MEPs stress the importance of monitoring the current state of dumped chemicals and their degradation, and developing plans for their clean-up and removal.
In a resolution adopted with 660 votes in favour, 8 against and 25 abstentions, the European Parliament expresses its serious concern regarding chemical weapons dumped into the Baltic Sea and points to the grave environmental effects of their ongoing presence and corrosion. MEPs call on the Commission and member states to mobilize all possible funding sources to map the extent of contamination, develop a clean-up plan, and develop preparedness schemes for environmental emergencies.
MEPs advocate using the 2021-2027 Interreg programme “Baltic Sea Region” to continue funding for the CHEMSEA, DAIMON and DAIMON 2 projects, which helped studying the current situation in the Baltic Sea. Finally, MEPs note NATO has already taken action on dumped munitions in the Baltic, and calls for EU actors at national and transnational levels to support these efforts.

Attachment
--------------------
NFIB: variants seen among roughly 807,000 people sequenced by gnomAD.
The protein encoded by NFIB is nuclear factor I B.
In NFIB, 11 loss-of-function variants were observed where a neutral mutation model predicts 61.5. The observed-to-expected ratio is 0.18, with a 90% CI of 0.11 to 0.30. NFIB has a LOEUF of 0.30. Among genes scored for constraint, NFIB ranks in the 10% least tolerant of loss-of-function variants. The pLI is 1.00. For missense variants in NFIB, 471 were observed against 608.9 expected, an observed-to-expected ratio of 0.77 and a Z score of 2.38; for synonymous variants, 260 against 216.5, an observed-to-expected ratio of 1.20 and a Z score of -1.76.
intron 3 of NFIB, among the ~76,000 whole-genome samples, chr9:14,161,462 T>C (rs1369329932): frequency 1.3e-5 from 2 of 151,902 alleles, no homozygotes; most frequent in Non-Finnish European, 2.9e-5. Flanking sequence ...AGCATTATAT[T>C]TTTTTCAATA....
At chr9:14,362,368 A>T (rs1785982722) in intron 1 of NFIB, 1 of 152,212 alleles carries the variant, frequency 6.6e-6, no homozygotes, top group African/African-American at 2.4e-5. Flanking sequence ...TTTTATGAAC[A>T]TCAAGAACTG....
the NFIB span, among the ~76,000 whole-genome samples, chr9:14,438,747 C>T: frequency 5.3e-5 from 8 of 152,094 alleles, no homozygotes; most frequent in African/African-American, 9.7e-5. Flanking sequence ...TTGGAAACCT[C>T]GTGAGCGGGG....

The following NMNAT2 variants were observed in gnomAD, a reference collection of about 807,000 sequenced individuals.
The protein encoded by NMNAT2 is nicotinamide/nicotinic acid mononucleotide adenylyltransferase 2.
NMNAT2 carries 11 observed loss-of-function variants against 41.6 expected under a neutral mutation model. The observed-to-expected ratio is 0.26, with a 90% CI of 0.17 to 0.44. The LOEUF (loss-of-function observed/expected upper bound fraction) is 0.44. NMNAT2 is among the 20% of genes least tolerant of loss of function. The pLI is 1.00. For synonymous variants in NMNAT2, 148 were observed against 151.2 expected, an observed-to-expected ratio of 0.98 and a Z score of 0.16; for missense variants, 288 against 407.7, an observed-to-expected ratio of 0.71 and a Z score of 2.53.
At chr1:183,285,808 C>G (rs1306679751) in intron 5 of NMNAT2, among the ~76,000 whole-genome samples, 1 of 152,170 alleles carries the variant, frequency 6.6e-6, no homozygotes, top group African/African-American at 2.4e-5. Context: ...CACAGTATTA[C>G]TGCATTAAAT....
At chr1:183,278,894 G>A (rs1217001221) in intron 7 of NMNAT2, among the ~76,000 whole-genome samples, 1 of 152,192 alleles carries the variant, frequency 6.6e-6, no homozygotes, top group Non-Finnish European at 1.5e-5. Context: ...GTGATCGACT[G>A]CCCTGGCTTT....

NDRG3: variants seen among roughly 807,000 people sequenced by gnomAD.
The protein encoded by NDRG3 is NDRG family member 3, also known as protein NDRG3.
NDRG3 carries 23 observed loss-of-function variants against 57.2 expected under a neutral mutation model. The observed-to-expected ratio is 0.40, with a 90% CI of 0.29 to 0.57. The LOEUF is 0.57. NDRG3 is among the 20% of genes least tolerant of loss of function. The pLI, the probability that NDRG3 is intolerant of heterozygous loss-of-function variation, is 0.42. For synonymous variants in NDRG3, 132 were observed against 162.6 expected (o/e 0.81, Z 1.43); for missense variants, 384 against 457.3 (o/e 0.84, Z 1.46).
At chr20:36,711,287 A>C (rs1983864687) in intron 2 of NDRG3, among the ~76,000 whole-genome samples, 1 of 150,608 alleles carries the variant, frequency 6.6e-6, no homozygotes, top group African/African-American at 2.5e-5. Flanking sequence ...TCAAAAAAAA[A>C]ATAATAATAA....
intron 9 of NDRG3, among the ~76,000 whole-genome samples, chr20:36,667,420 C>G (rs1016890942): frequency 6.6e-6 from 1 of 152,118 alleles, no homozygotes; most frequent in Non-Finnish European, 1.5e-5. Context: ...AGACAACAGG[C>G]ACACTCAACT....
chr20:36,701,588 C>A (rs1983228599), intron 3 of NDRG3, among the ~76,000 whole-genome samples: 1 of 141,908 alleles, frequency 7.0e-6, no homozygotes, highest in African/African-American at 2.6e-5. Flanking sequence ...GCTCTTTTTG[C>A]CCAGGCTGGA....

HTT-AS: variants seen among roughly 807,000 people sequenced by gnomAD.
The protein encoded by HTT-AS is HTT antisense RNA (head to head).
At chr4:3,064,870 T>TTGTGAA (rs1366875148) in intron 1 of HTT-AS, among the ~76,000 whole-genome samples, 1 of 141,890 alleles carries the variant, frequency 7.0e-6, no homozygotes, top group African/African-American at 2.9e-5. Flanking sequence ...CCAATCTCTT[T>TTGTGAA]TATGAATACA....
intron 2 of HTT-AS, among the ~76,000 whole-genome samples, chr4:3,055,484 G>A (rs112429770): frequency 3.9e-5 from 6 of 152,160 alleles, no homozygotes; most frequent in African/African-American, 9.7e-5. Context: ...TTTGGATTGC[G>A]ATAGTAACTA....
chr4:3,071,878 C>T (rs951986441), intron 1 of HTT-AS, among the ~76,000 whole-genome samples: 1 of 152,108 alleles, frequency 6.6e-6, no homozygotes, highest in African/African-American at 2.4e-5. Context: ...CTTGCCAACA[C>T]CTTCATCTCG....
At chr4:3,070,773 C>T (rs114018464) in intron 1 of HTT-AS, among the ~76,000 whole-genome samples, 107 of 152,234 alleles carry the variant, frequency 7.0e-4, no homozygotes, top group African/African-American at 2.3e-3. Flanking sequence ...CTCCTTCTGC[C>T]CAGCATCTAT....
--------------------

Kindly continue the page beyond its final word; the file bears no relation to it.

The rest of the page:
Since the end of World War II, at least 50 000 tonnes of hazardous substances (for example, nerve agents and tear gas) have been dumped into the Baltic Sea, where they continue to slowly degrade and pose a danger to humans via contaminated food, as well as the marine ecosystem. Due to its slow rate of water flow, the enclosed Baltic Sea has limited capacity for self-cleaning, and is already one of the most polluted seas in the world.